Saturday, July 27, 2002

OK, the 9:00:

It seems to be a digital projection of the old adage about monekys typing Shakespeare by accident: get enough typers and eventually you'll have brilliance by mathematical probability: "two primates, two computers, and we're already rivaling shakespeare," is the slogan of the blog worldwiderant.

As if to illustrate the principle that if you have enough bloggers eventually you can find anything, I found these Web pages on the mathematical probability of monkeys typing Shakespeare:

Here's one:
It has been suggested that an evolutionist first used the now familiar parable of monkeys typing Shakespeare. "It was, I think, Huxley, who said that six monkeys, set to strum unintelligently on typewriters for millions of millions of years, would be bound in time to write all the books in the British Museum. If we examined the last page which a particular monkey had typed, and found that it had chanced, in its blind strumming, to type a Shakespeare sonnet, we should rightly regard the occurrence as a remarkable accident, but if we looked through all the millions of pages the monkeys had turned off in untold millions of years, we might be sure of finding a Shakespeare sonnet somewhere amongst them, the product of the blind play of chance." (Jeans, Sir James, The Mysterious Universe, New York, Macmillian Co., 1930, p. 4.) More recently, the classic monkey myth was employed by Hawking. After citing the monkey illustration he comments, "very occasionally by pure chance they will type out one of Shakespeare’s sonnets." (Hawking, S.W., 1988, A Brief History of Time: From the Big Bang to Black Holes, p. 123) This is absurd. The assertion that the monkeys *will not* in fact perform this feat is as close as we can get to a scientific fact.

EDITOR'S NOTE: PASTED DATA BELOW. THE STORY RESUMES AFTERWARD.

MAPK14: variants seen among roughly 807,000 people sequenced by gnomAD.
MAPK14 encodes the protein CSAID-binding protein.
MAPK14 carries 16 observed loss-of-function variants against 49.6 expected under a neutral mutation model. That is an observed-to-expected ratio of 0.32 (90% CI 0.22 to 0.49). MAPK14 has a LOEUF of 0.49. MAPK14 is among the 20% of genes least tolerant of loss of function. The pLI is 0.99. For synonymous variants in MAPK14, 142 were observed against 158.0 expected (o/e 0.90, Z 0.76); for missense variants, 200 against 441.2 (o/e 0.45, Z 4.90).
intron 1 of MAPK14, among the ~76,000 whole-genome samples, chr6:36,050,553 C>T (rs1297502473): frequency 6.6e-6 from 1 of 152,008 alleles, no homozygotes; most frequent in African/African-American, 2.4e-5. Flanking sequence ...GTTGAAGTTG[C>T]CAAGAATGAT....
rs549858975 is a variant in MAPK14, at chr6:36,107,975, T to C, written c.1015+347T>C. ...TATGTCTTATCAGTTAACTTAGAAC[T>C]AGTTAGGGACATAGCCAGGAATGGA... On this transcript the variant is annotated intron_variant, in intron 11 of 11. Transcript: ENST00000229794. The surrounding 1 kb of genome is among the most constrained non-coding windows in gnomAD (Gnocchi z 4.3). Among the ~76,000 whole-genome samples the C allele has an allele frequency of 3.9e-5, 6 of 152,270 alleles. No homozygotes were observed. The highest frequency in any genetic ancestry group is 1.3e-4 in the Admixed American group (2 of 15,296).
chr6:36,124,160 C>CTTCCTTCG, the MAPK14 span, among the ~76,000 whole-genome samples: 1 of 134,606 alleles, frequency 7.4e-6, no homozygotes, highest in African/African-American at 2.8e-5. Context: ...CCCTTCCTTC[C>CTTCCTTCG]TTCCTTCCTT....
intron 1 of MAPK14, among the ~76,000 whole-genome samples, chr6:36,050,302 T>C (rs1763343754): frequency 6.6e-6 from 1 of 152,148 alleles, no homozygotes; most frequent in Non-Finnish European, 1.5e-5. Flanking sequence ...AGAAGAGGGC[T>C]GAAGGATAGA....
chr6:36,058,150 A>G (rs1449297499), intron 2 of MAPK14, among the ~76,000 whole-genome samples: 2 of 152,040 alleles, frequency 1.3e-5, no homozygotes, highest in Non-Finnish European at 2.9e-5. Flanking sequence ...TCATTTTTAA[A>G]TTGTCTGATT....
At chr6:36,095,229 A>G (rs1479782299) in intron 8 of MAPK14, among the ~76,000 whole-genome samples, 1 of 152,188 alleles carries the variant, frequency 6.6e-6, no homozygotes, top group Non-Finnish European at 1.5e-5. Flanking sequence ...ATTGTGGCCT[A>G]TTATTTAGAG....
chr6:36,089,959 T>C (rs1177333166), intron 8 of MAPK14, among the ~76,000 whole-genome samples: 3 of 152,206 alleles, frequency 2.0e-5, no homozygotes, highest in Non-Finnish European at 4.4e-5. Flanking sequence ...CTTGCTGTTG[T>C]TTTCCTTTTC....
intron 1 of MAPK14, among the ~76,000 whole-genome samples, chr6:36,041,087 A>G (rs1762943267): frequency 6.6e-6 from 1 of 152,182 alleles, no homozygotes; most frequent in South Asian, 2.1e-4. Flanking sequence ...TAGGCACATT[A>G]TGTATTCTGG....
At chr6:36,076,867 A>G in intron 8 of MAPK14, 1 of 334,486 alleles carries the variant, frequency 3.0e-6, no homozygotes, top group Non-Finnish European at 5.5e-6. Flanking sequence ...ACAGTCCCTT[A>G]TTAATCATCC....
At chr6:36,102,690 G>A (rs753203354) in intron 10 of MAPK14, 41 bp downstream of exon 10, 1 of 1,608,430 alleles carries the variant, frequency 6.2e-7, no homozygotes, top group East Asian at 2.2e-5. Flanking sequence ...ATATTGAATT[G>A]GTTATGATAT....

There you have it. Here's another one.

No comments: